18. A recent UK survey found that 44% of males aged 11–16 who viewed pornography reported that online pornography gave them ideas about the type of sex they wanted to try. [6]

What These Numbers Mean

These issues aren’t going away as long as society continues to deny the real, proven harms of porn and a vast majority of people believe the lie that it’s harmless. At one point in time, porn wasn’t a common issue that affected millions of people, much less all of society. It wasn’t a topic that needed to be discussed with such urgency. But now, those days are over.

Porn is a favorite past time for millions of users, and many of them have no idea what kind of harm they’re letting into their own lives, or the kind of exploitation they’re contributing to.

But we can change that. We can raise awareness, and the good news is, these stats are under our control. We hold the power to change these numbers by being educated and decreasing the demand for sexual exploitation. Right now, the porn industry is simply supplying what people are demanding. The only way this changes is if people stop, re-examine reality, get educated about the real harmful effects of porn, and make a change in their lives that doesn’t include porn.

Why This Matters

By stopping the demand for porn, we are putting an end to something that addicts people, destroys relationships, and affects our society as a whole. It’s time to change the stats. Stopping the demand starts here, with us spreading the facts.

You with us?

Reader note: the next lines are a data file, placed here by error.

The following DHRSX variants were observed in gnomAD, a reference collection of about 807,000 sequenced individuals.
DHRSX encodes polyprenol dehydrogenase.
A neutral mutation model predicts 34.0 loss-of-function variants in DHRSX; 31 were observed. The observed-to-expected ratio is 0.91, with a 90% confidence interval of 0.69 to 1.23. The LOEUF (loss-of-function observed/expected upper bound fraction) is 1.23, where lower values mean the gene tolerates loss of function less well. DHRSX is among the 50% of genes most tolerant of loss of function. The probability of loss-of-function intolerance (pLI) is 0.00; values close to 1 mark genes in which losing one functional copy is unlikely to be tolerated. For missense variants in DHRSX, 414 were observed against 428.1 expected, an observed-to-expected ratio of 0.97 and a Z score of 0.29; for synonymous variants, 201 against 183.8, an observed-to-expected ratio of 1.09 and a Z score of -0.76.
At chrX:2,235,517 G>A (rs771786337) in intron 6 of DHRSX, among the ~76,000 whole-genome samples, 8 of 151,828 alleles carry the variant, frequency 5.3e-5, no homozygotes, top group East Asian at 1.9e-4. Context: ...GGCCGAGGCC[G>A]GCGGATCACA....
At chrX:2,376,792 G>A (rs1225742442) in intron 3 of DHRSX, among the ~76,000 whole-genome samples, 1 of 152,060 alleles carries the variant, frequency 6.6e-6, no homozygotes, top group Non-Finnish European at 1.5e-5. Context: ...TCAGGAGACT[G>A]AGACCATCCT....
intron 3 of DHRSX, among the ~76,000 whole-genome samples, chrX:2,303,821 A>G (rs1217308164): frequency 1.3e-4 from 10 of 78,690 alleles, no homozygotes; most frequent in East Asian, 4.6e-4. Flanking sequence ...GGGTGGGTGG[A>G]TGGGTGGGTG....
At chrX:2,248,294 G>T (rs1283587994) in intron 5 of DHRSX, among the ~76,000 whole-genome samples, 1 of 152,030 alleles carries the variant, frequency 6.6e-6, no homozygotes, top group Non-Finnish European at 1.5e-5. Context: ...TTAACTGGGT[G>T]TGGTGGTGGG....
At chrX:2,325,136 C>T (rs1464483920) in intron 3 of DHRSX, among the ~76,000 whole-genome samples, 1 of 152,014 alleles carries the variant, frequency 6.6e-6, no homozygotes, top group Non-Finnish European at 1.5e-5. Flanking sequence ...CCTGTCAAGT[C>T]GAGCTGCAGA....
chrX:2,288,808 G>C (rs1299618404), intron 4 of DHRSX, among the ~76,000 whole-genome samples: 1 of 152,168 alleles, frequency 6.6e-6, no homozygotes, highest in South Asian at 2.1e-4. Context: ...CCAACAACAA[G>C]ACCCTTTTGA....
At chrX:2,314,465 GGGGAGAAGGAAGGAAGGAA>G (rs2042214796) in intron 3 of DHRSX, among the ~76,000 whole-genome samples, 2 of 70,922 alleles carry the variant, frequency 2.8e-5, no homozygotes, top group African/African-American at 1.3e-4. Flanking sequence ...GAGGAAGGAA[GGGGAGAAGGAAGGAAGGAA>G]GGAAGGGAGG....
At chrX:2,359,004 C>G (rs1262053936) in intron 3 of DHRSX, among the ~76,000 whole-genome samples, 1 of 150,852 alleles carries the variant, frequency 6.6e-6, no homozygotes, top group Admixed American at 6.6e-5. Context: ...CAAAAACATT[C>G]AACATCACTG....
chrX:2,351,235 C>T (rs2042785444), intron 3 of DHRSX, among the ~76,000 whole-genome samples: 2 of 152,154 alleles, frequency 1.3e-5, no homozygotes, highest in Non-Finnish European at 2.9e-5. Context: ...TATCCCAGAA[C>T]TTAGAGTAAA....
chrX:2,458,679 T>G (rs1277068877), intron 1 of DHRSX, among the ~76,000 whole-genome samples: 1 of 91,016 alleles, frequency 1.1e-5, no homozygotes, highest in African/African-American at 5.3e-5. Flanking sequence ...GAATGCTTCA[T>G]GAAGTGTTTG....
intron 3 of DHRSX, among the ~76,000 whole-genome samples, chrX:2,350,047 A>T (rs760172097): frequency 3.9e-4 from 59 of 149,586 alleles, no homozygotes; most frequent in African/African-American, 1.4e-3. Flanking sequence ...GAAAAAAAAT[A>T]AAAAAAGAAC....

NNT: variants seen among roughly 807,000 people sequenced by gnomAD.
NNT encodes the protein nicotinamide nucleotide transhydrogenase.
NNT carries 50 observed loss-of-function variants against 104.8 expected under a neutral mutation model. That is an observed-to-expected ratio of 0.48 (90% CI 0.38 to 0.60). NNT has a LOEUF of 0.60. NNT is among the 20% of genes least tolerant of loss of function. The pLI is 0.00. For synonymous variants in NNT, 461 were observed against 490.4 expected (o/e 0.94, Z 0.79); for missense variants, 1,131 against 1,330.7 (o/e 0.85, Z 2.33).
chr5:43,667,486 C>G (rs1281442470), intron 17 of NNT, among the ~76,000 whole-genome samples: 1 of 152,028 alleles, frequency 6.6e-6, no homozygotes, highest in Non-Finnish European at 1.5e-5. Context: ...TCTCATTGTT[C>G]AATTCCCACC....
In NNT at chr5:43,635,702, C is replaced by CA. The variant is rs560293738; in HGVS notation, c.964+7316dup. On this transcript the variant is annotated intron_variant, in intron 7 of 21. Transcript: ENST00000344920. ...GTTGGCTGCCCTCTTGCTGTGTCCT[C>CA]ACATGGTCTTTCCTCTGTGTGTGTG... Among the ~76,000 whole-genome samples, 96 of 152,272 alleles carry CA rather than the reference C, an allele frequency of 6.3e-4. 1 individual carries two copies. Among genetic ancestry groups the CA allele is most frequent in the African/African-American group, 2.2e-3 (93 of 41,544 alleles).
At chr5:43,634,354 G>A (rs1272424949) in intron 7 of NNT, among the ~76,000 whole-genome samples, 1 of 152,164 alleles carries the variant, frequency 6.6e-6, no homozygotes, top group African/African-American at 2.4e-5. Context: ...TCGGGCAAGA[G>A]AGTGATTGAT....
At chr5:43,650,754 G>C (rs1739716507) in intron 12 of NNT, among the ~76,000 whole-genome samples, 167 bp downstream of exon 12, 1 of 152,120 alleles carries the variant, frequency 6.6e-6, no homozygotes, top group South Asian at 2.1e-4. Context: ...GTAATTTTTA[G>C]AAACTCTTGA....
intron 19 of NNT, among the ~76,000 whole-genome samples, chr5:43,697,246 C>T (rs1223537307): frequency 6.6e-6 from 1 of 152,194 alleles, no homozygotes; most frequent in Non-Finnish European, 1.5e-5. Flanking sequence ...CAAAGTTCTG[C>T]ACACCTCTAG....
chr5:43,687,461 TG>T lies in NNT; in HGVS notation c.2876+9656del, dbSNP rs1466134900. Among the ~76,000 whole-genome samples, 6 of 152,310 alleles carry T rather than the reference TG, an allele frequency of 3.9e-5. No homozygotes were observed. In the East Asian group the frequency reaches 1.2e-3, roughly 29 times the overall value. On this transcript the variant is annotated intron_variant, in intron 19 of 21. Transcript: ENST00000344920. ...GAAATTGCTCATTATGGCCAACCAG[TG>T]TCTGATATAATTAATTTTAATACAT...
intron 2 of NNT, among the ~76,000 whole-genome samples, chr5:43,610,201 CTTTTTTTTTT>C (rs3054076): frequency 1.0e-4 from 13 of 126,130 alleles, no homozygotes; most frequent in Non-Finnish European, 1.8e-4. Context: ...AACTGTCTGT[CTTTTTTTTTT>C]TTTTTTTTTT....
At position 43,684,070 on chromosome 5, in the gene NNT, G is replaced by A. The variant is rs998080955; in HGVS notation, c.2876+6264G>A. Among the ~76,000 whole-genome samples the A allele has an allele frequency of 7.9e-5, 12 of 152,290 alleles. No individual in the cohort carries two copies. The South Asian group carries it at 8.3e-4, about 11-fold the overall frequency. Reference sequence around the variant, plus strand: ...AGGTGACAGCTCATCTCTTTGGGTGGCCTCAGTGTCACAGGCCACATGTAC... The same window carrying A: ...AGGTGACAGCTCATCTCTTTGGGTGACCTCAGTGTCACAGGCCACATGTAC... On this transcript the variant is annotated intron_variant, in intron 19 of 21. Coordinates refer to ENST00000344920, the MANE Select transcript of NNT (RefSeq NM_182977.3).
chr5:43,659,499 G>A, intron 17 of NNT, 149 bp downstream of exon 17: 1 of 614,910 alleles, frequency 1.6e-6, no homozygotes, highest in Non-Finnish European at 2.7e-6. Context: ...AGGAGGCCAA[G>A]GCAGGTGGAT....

What YOU Can DO

If you’re not cool with these stats, SHARE this article to make a difference. Get educated on the real harms of porn and take a stand.

Spark Conversations

This movement is all about changing the conversation about pornography. When you rep a tee, you can spark meaningful conversation on porn’s harms and inspire lasting change in individuals’ lives, and our world. Are you in? Check out all our styles in our online store, or click below to shop:

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Citations

[1] Barna Group, The Porn Phenomenon: The Impact of Pornography in the Digital Age, (Ventura, CA: Josh McDowell Ministry, 2016).
[2] Barna Group, “News Conference on Barna’s New Study: ‘The Porn Phenomenon,’” (January 15, 2016), https://www.barna.org/blog/culture-media/barna-group/porn-press-conference#.VrS9OrSJndl 
[3] Silvia Bonino, Silvia Ciairano, Emanuela Rabagliette, and Elena Cattelino, “Use of Pornography and SelfReported Engagement in Sexual Violence among Adolescents,” European Journal of Developmental Psychology 3, no. 3 (2006):265-288.
[4] Carl Göran Svedin, Ingrid Âkerman, and Gisela Priebe, “Frequent Users of Pornography. A Population Based Epidemiological Study of Swedish Male Adolescents,” Journal of Adolescence 34, no. 4 (2011): 779–788. 
[5] Paul J. Wright, Robert S. Tokunaga, and Ashley Kraus, “A Meta-Analysis of Pornography Consumption and Actual Acts of Sexual Aggression in General Population Studies,” Journal of Communication 66, no. 1 (February 2016): 183–205.
[6] Elena Martellozzo et al., “‘I Wasn’t Sure It Was Normal To Watch It . . .’ A Quantitative and Qualitative Examination of the Impact of Online Pornography on the Values, Attitudes, Beliefs, and Behaviours of Children and Young People,” London: Middlesex University (2016), https://www.mdx.ac.uk/__data/ assets/pdf_file/0021/223266/MDX-NSPCC-OCC-pornography-report.pdf